All organizations were unprepared for the scale and sophistication of cyberattacks the majority experienced last year. That’s a primary factor driving CISOs to evaluate a zero trust-based approach to passwordless authentication for their virtual teams. Privilege abuse is the leading cause of breaches today. Stopping privileged access abuse starts by designing a passwordless authentication system that is so intuitive that users aren’t frustrated using it while providing adaptive authentication on any mobile device. Leaders in the field of passwordless authentication include Ivanti, Microsoft Azure Active Directory (Azure AD), OneLogin Workforce Identity, and Thales SafeNet Trusted Access. Ivanti’s Zero Sign-On (ZSO) approach to combining passwordless authentication and zero trust on its Unified Endpoint Management (UEM) platform uses biometrics, including Apple’s Face ID as the secondary authentication factor for gaining access to personal and shared corporate accounts and systems.
CIOs tell VentureBeat that improving IAM integration in collaboration with CISOs will become a higher priority this year to achieve a more integrated identity concept across their organizations. Forrester, in their report last year on the top trends impacting shaping IAM, advised their clients to take a more granular and dynamic network access approach based on zero trust edge (ZTE) that identifies network traffic and activity to well-identified, authenticated, and authorized users (human and machine identities). Leading providers in this area include Ericom Software and their ZTEdge Zero Trust Security platform. What’s noteworthy about the Ericom platform is how it combines microsegmentation, zero trust network access (ZTNA), secure web gateway (SWG) with remote browser isolation (RBI), and ML-enabled identity and access management (IAM), enabling organizations to enforce consistent zero trust access policies across the key device, application, web, and network touchpoints.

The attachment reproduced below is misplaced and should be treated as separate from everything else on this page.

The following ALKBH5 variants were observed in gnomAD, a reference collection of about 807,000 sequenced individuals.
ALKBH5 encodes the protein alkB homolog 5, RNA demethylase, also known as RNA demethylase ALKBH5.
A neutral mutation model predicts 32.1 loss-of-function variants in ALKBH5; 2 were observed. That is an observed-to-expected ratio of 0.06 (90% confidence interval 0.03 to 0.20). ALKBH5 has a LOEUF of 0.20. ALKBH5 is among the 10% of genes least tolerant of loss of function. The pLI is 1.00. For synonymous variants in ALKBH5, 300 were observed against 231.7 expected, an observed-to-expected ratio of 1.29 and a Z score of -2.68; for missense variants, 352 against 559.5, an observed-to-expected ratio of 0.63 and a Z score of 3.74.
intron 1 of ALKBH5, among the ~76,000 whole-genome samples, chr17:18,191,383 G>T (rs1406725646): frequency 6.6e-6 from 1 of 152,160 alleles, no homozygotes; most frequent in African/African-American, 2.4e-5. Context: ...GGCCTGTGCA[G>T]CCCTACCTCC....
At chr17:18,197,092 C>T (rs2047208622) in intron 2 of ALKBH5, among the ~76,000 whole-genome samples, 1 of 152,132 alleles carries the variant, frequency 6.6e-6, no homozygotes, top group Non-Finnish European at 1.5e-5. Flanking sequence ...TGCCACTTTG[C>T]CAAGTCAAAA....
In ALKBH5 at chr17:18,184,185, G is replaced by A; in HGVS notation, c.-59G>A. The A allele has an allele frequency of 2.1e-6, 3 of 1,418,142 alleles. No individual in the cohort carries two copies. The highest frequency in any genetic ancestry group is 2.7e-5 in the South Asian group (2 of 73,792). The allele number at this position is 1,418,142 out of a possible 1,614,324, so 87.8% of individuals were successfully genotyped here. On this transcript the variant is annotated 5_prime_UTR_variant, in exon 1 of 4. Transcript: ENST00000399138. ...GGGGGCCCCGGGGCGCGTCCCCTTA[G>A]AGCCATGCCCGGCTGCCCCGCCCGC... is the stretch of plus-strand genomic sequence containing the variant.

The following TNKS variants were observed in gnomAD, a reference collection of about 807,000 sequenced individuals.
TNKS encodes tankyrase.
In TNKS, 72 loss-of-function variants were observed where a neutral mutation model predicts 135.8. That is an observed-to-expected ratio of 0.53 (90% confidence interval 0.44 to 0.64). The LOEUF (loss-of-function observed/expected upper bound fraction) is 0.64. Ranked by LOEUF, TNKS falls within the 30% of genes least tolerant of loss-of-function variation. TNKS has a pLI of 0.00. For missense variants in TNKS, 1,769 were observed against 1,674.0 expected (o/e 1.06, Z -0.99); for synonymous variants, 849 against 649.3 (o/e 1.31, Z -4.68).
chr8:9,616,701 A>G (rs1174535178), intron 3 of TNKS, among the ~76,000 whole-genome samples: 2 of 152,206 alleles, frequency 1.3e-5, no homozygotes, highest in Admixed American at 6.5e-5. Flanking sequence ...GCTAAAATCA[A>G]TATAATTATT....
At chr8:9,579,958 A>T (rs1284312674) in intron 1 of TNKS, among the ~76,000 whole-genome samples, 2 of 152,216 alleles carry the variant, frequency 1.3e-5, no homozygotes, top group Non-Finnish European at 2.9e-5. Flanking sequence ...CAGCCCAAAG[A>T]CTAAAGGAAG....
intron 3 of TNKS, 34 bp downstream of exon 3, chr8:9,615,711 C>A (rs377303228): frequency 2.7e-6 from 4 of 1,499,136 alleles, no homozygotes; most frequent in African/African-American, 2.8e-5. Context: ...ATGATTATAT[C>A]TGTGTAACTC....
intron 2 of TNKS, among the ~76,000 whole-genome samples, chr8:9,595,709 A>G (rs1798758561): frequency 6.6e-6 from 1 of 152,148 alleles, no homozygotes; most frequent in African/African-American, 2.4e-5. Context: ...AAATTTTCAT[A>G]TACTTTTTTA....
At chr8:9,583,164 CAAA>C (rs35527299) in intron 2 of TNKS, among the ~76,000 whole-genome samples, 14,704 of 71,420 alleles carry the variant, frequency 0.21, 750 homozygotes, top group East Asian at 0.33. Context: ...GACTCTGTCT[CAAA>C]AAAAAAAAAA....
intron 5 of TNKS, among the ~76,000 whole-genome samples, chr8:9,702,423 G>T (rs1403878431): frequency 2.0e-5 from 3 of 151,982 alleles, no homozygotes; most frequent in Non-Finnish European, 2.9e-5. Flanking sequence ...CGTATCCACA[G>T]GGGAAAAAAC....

3. Zero trust becomes the foundation of more hybrid cloud integrations